Judge: NSA’s Mass Collection Of Telephone Data Is Legal

A U.S. District Court judge in New York has dismissed a lawsuit filed by the ACLU against James Clapper, Director of National Intelligence, and others over the National Security Agency’s mass collecting of information about U.S. consumers’ telephone use, saying that the program is legal while leaving it up to lawmakers to decide whether it’s a program that should exist at all.

“While robust discussions are underway across the nation, in Congress, and at the White House, the question for this Court is whether the Government’s bulk telephony metadata program is lawful,” writes Judge William H. Pauley III in his 54-page ruling [PDF]. “This Court finds it is. But the question of whether that program should be conducted is for the other two coordinate branches of Government to decide.”

The judge holds that the Sept. 11 attacks may have been prevented had the NSA had access to the phone-related metadata it now collects from millions of phone users, but also cautions that such collection could get out of hand.

“The blunt tool only works because it collects everything,” reads the ruling. “Such a program, if unchecked, imperils the civil liberties of every citizen. Each time someone in the United States makes or receives a telephone call, the telecommunications provider makes a record of when, and to what telephone number the call was placed, and how long it lasted. The NSA collects that telephony metadata. If plumbed, such data can reveal a rich profile of every individual as well as a comprehensive record of people’s associations with one another.”

The New York court ruling comes on the heels of a very different decision made last week by a District Court judge in Washington, D.C., where the court held that the NSA phone surveillance program “almost certainly” violated constitutional protections against unreasonable searches.

NSA’s Phone Data Collection Program Lawful, Federal Judge Rules [WSJ Law Blog]

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  1. PsiCopB5 says:

    I have yet to hear anything even resembling a cogent explanation for how knowing my call history could possibly point the NSA to any terrorism. I don’t know any terrorists; I don’t call any terrorists; and no terrorists ever call me. Therefore, absolutely nothing in my call history could possibly reveal the slightest thing about any terrorism. NSA doesn’t need my call history. Since they can’t point to any rational reason why they should have it, then they shouldn’t get it.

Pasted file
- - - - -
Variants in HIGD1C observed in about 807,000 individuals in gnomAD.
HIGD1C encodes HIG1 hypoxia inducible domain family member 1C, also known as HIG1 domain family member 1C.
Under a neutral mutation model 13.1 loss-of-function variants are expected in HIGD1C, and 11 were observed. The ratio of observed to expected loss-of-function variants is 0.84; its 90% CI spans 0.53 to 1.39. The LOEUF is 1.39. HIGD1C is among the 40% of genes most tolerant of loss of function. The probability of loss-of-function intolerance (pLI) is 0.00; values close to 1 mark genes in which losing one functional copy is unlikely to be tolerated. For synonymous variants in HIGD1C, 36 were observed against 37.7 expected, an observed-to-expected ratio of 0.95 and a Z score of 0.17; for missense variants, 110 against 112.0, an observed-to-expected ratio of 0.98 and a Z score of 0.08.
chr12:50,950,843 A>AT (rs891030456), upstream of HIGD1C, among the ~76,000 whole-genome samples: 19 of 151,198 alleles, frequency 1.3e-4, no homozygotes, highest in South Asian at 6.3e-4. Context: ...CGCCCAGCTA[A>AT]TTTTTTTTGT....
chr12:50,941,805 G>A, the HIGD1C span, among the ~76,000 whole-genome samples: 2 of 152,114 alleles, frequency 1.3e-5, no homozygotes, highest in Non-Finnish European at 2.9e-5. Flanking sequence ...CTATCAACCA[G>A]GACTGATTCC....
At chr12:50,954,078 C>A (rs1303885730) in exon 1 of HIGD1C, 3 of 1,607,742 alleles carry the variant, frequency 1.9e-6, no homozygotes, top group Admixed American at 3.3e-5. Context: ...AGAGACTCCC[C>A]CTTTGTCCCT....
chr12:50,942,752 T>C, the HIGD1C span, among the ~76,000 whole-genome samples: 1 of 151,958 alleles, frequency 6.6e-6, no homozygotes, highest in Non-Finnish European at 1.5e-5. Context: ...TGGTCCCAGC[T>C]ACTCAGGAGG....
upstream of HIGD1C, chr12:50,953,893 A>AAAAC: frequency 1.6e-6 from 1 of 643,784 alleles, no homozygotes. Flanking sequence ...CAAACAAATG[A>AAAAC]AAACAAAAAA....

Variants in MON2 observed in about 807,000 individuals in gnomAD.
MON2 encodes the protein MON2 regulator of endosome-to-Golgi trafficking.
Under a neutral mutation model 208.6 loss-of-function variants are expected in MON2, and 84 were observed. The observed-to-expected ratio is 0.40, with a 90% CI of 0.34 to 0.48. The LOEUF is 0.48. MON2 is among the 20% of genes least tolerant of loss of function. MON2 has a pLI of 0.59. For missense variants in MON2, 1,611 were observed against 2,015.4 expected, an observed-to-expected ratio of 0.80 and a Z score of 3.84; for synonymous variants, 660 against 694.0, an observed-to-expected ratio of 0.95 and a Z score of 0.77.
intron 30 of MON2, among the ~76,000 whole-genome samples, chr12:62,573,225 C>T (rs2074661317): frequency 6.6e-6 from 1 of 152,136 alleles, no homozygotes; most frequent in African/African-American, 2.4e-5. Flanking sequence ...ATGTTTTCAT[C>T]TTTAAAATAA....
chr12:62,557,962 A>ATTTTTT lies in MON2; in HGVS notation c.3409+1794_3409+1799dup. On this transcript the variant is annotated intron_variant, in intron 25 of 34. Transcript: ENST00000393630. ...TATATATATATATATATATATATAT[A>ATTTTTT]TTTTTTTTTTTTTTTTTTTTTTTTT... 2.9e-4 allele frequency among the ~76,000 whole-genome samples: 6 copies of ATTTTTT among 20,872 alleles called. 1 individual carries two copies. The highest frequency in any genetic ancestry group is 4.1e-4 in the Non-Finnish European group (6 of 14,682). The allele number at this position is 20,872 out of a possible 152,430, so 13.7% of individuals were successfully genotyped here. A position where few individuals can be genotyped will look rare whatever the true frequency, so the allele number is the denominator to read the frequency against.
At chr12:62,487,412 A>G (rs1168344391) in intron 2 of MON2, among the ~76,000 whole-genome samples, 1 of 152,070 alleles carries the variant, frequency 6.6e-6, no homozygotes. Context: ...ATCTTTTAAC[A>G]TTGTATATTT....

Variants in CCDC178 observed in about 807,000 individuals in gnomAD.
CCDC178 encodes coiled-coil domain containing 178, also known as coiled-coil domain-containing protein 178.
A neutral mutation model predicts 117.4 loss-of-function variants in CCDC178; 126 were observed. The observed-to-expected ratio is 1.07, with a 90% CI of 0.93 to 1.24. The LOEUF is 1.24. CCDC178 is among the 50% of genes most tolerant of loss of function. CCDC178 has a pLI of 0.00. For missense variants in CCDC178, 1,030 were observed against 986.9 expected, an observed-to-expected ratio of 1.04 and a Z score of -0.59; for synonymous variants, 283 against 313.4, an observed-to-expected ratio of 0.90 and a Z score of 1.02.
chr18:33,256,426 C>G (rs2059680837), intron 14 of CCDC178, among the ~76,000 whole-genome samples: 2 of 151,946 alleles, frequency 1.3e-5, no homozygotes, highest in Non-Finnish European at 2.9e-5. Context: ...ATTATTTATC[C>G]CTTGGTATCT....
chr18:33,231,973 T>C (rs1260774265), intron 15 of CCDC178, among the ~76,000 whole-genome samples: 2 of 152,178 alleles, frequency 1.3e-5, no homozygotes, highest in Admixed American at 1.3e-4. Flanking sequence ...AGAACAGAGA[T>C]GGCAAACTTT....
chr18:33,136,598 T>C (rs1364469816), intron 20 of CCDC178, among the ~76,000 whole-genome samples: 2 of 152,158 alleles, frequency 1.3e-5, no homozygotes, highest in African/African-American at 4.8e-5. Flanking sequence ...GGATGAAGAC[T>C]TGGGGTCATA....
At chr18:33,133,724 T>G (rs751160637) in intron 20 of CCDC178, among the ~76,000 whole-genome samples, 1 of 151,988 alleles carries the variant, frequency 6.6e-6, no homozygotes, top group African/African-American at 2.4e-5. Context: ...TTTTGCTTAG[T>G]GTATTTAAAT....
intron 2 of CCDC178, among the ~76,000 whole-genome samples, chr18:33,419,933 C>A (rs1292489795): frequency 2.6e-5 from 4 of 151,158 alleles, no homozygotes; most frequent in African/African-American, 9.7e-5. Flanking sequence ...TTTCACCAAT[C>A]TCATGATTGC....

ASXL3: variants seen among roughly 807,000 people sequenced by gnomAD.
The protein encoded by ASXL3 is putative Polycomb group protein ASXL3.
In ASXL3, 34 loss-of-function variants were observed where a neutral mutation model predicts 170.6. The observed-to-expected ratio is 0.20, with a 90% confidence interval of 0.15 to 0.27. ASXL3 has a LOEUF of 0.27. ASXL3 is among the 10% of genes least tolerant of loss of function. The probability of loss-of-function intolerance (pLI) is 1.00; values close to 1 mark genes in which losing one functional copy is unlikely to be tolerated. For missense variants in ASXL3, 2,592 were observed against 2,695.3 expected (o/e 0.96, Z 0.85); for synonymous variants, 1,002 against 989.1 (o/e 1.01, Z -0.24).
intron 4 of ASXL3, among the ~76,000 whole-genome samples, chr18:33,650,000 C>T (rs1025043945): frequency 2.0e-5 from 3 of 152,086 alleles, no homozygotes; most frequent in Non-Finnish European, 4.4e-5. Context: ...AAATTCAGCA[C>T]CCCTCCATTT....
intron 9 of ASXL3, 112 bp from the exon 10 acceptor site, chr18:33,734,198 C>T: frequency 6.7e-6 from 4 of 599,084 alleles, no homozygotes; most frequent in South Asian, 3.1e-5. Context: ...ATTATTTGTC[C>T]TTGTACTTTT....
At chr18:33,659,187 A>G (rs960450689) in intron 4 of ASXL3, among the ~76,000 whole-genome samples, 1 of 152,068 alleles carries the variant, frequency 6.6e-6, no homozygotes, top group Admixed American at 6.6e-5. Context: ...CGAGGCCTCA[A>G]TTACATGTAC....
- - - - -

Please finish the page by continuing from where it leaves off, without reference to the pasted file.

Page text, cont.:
• CharlesWinthrop says:

      On top of that, there’s such a thing as data saturation. As much data as they’re collecting, even if the terrorists were speaking clearly on a phone (extremely highly unlikely), filtering those exact calls ouit of all the other data IN TIME TO USE IT EFFECTIVELY is virtually impossible. And yes, I know they have “special programs” like Raptor and Predator that look for keywords and patterns, but it still holds. The sheer number of false positives far outweigh the possibilities of getting a true positive in time to use it.

      • PhillyDom says:

        You and the original poster are both assuming that the NSA program is intended for anti-terrorism. In the same way that provisions of the so-called Patriot Act have been used by the government in non-terrorism cases, the information collected by the NSA will be (or already is being) used for purposes other than fighting terrorism – espionage, prosecuting non-terrorist criminals, etc.

        The NSA programs, like the Patriot Act itself, are capitalizing on 9/11 and the public’s fears of further terrorist acts to install the kind of national surveillance infrastructure Orwell couldn’t have dreamed of and would never have been accepted by the public without some trumped-up external threat.

  2. SuperSpeedBump says:

    I wonder if I can get a thousand other people to join me at the front steps of the NSA to “Turn ourselves in” for “whatever it was that we did wrong to justify a wire-tap”?